April 1, 2013 in Sports

Georgia or Cal will lend fresh face to Final Four

By The Spokesman-Review
 

The University of Georgia women’s basketball team is trying to return to the Final Four for the first time in 14 years.

The Golden Bears of California have never been to a Final Four.

That sets the stage for what could be a knockdown battle when the fourth-seeded Lady Bulldogs (28-6) square off with second-seeded Cal (31-3) tonight at the Arena. Tipoff is at 6:30.

Georgia’s players, particularly its three starting seniors, came into the season set on getting the Bulldogs back where they believed they belonged – in the Final Four. Georgia is seeking a sixth trip to the Big Dance.

“The senior class … this is our fourth NCAA tournament, and we have been to three Sweet 16s,” guard Jasmine James said. “So to finally make the next step and go to the Elite Eight and now to be going into another game to try to compete to go to the Final Four is definitely back to where Georgia basketball needs to be – trying to compete for a national championship.”

Georgia coach Andy Landers spoke at length about how he spent considerable time with James, Jasmine Hassell and Anne Marie Armstrong when they were freshmen because he believed he had to change a mindset within his program.

“We were still going to the NCAA tournament every year, even advancing,” Landers explained. “But we had slipped inside our own house. It can happen regardless. Coaching is like raising children. You can do your best with your children but you don’t always get the desired result every single day. Georgia basketball was broken in a sense, but it wasn’t shattered. We hadn’t fallen off the map. The pieces that had made Georgia basketball special had slipped. I knew that it was going to be hard to get the giant back up.”

Landers added that Georgia and its players have accomplished everything over the years except one thing – win a national title.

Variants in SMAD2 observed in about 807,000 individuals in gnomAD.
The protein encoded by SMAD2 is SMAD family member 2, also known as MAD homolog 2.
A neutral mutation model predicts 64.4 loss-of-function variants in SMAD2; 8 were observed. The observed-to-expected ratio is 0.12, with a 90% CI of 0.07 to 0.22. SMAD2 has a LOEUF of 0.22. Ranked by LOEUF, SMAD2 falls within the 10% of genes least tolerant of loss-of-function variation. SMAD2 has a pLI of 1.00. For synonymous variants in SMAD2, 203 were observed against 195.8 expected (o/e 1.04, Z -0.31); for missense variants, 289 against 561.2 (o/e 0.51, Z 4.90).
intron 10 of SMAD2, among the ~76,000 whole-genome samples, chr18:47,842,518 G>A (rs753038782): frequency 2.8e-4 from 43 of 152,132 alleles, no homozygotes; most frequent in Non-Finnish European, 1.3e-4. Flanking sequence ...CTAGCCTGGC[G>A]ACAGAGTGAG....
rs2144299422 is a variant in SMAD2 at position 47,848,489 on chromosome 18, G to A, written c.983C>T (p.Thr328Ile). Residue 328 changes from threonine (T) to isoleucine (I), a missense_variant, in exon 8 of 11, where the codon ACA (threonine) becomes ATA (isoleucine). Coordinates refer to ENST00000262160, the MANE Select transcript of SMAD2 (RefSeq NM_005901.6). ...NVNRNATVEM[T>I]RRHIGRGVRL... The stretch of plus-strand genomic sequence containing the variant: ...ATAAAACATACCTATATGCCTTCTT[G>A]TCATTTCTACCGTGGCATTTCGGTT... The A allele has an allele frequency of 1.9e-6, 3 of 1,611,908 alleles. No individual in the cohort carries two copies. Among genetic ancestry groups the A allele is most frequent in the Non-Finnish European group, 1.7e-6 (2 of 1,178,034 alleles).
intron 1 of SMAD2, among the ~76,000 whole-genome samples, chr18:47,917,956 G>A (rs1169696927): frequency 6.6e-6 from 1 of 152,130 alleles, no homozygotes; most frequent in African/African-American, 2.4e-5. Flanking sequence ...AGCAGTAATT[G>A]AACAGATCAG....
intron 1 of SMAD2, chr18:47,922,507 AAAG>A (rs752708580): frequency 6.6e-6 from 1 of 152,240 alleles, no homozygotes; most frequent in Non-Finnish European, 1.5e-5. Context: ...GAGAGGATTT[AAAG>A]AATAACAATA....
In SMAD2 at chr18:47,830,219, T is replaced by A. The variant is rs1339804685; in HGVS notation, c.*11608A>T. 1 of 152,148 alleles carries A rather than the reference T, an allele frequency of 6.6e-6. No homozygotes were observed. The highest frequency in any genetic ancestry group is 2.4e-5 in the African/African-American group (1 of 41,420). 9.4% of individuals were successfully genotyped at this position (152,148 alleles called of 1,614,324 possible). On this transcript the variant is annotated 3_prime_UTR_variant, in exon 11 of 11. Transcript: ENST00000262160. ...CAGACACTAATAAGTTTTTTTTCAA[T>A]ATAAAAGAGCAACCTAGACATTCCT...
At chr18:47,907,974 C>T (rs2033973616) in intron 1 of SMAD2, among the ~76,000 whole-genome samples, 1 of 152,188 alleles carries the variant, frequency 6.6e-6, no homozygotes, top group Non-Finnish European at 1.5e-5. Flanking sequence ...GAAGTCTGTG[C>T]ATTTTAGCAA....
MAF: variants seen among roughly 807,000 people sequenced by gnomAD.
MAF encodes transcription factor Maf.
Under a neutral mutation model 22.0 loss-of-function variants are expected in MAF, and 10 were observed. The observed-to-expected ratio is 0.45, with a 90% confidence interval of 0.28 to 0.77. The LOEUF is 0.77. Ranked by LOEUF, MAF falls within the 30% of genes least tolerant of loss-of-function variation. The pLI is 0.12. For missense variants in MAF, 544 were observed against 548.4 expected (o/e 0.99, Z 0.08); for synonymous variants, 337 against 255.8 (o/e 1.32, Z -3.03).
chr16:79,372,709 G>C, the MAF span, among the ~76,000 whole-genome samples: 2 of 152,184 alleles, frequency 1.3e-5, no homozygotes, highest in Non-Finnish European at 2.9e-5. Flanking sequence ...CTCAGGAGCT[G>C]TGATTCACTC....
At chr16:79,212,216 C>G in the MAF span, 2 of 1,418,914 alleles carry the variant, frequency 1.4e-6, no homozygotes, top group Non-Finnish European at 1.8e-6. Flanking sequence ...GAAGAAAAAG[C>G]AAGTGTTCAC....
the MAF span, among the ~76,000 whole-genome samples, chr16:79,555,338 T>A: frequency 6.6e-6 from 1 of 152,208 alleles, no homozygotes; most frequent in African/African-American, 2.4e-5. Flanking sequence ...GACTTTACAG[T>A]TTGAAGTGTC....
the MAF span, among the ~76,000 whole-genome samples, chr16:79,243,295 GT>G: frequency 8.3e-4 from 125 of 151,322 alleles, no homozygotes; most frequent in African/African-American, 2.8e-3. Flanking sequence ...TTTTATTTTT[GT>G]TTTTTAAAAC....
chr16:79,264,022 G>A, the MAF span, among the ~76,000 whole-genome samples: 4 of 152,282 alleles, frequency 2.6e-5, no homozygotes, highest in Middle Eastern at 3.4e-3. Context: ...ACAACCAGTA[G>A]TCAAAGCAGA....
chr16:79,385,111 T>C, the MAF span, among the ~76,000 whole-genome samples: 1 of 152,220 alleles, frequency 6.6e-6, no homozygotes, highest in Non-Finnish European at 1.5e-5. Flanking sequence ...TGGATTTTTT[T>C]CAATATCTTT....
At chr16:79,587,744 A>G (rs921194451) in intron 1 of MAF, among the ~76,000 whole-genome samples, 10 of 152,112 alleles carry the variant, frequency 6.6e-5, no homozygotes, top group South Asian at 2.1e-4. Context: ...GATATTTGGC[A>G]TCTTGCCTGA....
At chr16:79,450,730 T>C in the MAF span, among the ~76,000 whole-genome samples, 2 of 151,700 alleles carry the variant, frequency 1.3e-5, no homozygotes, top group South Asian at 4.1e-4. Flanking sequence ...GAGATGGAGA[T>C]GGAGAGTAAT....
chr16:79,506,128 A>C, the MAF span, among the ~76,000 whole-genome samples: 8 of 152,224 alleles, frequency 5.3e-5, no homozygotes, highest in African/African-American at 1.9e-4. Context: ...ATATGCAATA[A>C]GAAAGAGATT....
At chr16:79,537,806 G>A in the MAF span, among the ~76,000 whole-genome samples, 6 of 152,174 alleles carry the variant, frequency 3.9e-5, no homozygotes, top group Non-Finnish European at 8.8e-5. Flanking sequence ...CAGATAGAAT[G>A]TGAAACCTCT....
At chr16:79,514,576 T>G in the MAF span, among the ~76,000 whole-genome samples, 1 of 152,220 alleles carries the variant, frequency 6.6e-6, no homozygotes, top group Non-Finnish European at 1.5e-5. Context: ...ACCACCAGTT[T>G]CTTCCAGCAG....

To get that opportunity, the Bulldogs must overcome the new kid on the block.

Cal checked off a “never” Saturday when it handled LSU, advancing to the Elite Eight. The next box to check is one win away.

So how do the Bears tackle the next “never”?

“Just be us (and) embrace the moment,” Cal point guard Brittany Boyd said. “Be happy that we’re here but don’t be satisfied. And do something that Cal has never done before.”

“We just have to be the best version of ourselves,” Cal coach Lindsay Gottlieb said. “We don’t have to do anything different. They know it’s a bigger stage and I don’t think that scares any of us.

“Georgia is really, really good. I don’t feel like all of a sudden we have to change our routines, or the way that we prepare or the way we act in the locker room.”

The Bulldogs will have their hands full against the Bears, who feature a den of gifted guards.

“This is a high-energy team,” Landers said. “They get it on. They bring it. They’re going to play hard. They’re good in transition and they’re very good in the halfcourt. They have all the parts.”

One of the biggest things the Bulldogs may have to overcome is themselves – particularly on offense.

Georgia has struggled mightily at times scoring. Still, the Bulldogs are capable of going off at any moment, too. Case in point was the school-record 12 3-pointers made in a Sweet 16-qualifying win over Iowa State.

“We’re used to it,” Landers said of the droughts. “People look at us and go, ‘Well, they don’t panic, you stay the course.’ We don’t have a choice. That’s who we are.”

Landers said his team “caved” a couple of times this season.

“We shouldn’t have six losses,” he said. “We have lost three times because we caved.”

Landers has been encouraged in the tournament.

“The thing that I’ve been saying to them lately is trust your instincts,” he said. “And they have started to do that.”


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